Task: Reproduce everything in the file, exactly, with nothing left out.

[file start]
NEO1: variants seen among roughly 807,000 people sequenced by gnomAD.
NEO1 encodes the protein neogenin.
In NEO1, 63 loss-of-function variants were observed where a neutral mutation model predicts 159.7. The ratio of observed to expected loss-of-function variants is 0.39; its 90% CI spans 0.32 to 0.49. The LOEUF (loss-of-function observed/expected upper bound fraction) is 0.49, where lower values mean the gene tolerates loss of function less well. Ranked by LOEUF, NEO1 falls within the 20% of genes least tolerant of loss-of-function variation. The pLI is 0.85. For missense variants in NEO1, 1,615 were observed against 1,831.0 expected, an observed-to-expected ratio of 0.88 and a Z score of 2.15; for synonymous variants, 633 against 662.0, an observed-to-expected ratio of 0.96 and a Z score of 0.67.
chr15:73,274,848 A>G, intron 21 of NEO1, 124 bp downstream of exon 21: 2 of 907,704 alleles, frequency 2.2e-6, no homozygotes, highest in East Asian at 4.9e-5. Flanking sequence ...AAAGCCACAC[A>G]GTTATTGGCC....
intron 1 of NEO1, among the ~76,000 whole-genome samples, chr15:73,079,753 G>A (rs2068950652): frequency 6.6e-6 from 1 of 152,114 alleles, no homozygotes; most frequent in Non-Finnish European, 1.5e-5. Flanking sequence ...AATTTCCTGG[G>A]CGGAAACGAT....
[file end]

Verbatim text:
NEO1: variants seen among roughly 807,000 people sequenced by gnomAD.
NEO1 encodes the protein neogenin.
In NEO1, 63 loss-of-function variants were observed where a neutral mutation model predicts 159.7. The ratio of observed to expected loss-of-function variants is 0.39; its 90% CI spans 0.32 to 0.49. The LOEUF (loss-of-function observed/expected upper bound fraction) is 0.49, where lower values mean the gene tolerates loss of function less well. Ranked by LOEUF, NEO1 falls within the 20% of genes least tolerant of loss-of-function variation. The pLI is 0.85. For missense variants in NEO1, 1,615 were observed against 1,831.0 expected, an observed-to-expected ratio of 0.88 and a Z score of 2.15; for synonymous variants, 633 against 662.0, an observed-to-expected ratio of 0.96 and a Z score of 0.67.
chr15:73,274,848 A>G, intron 21 of NEO1, 124 bp downstream of exon 21: 2 of 907,704 alleles, frequency 2.2e-6, no homozygotes, highest in East Asian at 4.9e-5. Flanking sequence ...AAAGCCACAC[A>G]GTTATTGGCC....
intron 1 of NEO1, among the ~76,000 whole-genome samples, chr15:73,079,753 G>A (rs2068950652): frequency 6.6e-6 from 1 of 152,114 alleles, no homozygotes; most frequent in Non-Finnish European, 1.5e-5. Flanking sequence ...AATTTCCTGG[G>A]CGGAAACGAT....